Syntatic sugar for sorting in PHP
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README.md

Tuck\Sort

Syntactic sugar for PHP's built in sorting.

Examples

Basic sorting functions

use Tuck\Sort\Sort;

Sort::values(['foo', 'bar', 'baz']);                    // returns ['bar', 'baz', 'foo']
Sort::keys(['x' => 'foo', 'm' => 'bar']);               // returns ['m' => 'bar', 'x' => 'foo']
Sort::natural(['img12.jpg', 'img2.jpg', 'img1.jpg']);   // returns ['img1.jpg', 'img2.jpg', 'img12.jpg']
Sort::user(
    [3, 2, 5, 6],
    function () { /* custom sorting */ }
);

Why?

This library tries to smooth out the built-in API, specifically the following issues:

PHP requires variables.

If you want to sort the result of a method, you need to assign it to an intermediate variable.

$results = $metrics->getTotals();
sort($results);

With this library, you can pass results directly:

Sort::values($metrics->getTotals());

PHP modifies in-place

Perhaps you'd prefer sort to return a modified list, rather than mutating the original. Unfortunately, the return value of sort() is a success boolean, not the reordered list.

With this library, the results are returned directly and the original list is not modified:

$x = [3, 1, 2];

var_dump(Sort::values($x)); // 1, 2, 3
var_dump($x);               // 3, 1, 2

PHP's naming is confusing

PHP's sorting functions don't always have the most intuitive names:

asort()
sort()
ksort()
natsort()
usort()
uasort()
uksort()

With this library, naming reads a little better:

Sort::values()
Sort::keys()
Sort::natural()
Sort::user()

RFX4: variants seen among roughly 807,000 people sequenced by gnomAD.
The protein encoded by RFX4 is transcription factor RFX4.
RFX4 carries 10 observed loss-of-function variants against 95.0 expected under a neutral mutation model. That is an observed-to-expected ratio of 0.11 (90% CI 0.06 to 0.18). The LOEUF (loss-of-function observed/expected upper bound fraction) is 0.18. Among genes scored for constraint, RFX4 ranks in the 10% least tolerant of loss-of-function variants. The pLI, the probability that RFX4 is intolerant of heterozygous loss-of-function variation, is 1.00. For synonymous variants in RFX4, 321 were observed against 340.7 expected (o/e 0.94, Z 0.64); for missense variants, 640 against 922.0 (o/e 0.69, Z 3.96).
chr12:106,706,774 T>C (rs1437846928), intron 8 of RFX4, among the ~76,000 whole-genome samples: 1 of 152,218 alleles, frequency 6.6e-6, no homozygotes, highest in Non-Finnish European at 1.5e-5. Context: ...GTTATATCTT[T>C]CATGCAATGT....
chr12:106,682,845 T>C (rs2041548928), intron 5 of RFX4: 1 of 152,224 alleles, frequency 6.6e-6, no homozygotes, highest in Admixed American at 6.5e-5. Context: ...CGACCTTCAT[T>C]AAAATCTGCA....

PHP doesn't handle keys consistently

When you use sort() PHP discards the original keys. Unless you use asort(). Or natsort and natcasesort which always preserve the original keys. You get the idea.

With this library, the returned keys are reset to sequential numbers, regardless of the type of sorting.

Sort::values([3 => 'bob', 1 => 'alice']);
// returns [0 => 'alice', 1 => 'bob']

If you'd like to keep the original keys, there's a consistent parameter you can always use Sort::PRESERVE_KEYS. This selects the correct key-preserving function under the hood, so you don't have to remember it.

Sort::values([3 => 'bob', 1 => 'alice'], Sort::PRESERVE_KEYS);
// returns [1 => 'alice', 3 => 'bob']

This works for all sort functions:

Sort::values(['foo', 'bar', 'baz'], Sort::PRESERVE_KEYS);
Sort::natural(['foo', 'bar', 'baz'], Sort::PRESERVE_KEYS);
Sort::user(
    [3, 2, 5, 6],
    function () { /* custom sorting */ },
    Sort::PRESERVE_KEYS
);

Much easier to remember. If the constants are too long-winded or readable, you can also pass true to preserve the keys or false to discard them.

PHP doesn't accept iterators or generators

Built-in sorting functions work great on arrays but won't accept their Traversable brethren.

With this library, iterators and generators are automatically converted to arrays.

$x = new ArrayIterator([3, 1, 2]);
Sort::values($x); // returns [1, 2, 3]

Note this library always returns arrays, even when given a custom collection. If you'd like your custom collection to support this library, see the usort documentation below.

PHP doesn't didn't have comparison operators

When defining a custom sorting function, you need to return a -1, 0 or 1. This usually ends up some awful looking mess like $a == $b ? 0 : (($a < $b) ? -1 : 1);.

PHP 7 vastly improves this with the spaceship operator $a <=> $b but perhaps you're stuck on PHP 5.x or want strict equality comparison for objects (spaceship is loose by default).

Both options are built into the library:

use Tuck\Sort\Compare;

Compare::loose(1, "1"); // uses ==
Compare::strict(1, 1)   // uses ===

But seriously, upgrade to 7 and use the spaceship operator instead.

PHP doesn't have a shorthand for sorting by fields